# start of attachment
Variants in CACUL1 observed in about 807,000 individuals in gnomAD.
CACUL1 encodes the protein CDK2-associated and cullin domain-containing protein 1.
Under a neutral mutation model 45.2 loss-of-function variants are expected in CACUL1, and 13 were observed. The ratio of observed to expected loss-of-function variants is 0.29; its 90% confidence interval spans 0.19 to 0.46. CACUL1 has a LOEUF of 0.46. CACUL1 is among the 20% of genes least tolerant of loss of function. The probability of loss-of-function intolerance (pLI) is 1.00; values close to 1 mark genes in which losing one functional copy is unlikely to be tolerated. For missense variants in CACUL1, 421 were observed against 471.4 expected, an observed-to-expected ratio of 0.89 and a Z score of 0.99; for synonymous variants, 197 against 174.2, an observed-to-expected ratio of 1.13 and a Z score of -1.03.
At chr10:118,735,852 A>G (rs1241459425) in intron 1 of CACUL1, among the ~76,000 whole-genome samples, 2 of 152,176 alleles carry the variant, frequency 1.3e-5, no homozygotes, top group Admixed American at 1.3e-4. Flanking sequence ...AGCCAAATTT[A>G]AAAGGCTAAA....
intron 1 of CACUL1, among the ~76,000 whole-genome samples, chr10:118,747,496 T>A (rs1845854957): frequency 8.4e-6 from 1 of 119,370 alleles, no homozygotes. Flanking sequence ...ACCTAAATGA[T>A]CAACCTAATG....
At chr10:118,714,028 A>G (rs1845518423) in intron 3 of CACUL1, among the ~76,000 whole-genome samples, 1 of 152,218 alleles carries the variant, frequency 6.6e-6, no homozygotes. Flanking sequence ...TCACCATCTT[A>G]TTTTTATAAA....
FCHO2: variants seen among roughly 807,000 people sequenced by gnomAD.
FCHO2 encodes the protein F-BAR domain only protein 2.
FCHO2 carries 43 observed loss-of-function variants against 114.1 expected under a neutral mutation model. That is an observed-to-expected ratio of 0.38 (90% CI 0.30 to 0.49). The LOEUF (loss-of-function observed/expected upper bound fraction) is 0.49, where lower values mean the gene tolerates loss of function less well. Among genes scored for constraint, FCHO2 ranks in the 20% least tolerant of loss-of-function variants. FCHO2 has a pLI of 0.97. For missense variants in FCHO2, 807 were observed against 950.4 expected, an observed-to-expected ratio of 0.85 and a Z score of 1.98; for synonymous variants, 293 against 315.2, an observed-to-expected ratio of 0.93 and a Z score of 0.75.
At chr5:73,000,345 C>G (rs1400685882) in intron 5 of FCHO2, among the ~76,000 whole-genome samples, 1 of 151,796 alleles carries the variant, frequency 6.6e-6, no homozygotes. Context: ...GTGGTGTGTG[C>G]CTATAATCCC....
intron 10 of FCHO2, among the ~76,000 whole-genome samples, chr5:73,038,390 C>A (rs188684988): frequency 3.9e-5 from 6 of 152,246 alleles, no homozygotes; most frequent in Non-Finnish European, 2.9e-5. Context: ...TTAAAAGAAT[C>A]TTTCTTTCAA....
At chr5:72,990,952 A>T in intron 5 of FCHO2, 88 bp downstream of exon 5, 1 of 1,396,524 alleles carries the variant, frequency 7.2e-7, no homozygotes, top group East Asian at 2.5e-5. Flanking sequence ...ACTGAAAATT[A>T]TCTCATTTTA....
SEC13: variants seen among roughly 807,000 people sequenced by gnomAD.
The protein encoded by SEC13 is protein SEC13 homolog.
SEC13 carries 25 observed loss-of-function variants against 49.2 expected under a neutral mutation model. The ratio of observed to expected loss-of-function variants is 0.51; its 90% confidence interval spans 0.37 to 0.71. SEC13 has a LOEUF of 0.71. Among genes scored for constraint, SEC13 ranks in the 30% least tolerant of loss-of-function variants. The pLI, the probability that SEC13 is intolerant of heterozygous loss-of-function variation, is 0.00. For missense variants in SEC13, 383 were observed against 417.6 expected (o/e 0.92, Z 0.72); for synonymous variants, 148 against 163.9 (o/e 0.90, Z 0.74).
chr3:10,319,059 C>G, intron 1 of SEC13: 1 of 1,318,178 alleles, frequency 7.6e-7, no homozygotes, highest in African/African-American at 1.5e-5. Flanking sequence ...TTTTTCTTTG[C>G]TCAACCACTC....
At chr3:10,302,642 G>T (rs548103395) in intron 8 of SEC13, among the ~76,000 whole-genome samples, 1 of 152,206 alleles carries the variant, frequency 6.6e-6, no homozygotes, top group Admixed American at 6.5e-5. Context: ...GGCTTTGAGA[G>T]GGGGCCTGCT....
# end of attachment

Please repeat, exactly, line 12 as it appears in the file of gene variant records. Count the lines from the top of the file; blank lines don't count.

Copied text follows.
At chr5:72,990,952 A>T in intron 5 of FCHO2, 88 bp downstream of exon 5, 1 of 1,396,524 alleles carries the variant, frequency 7.2e-7, no homozygotes, top group East Asian at 2.5e-5. Flanking sequence ...ACTGAAAATT[A>T]TCTCATTTTA....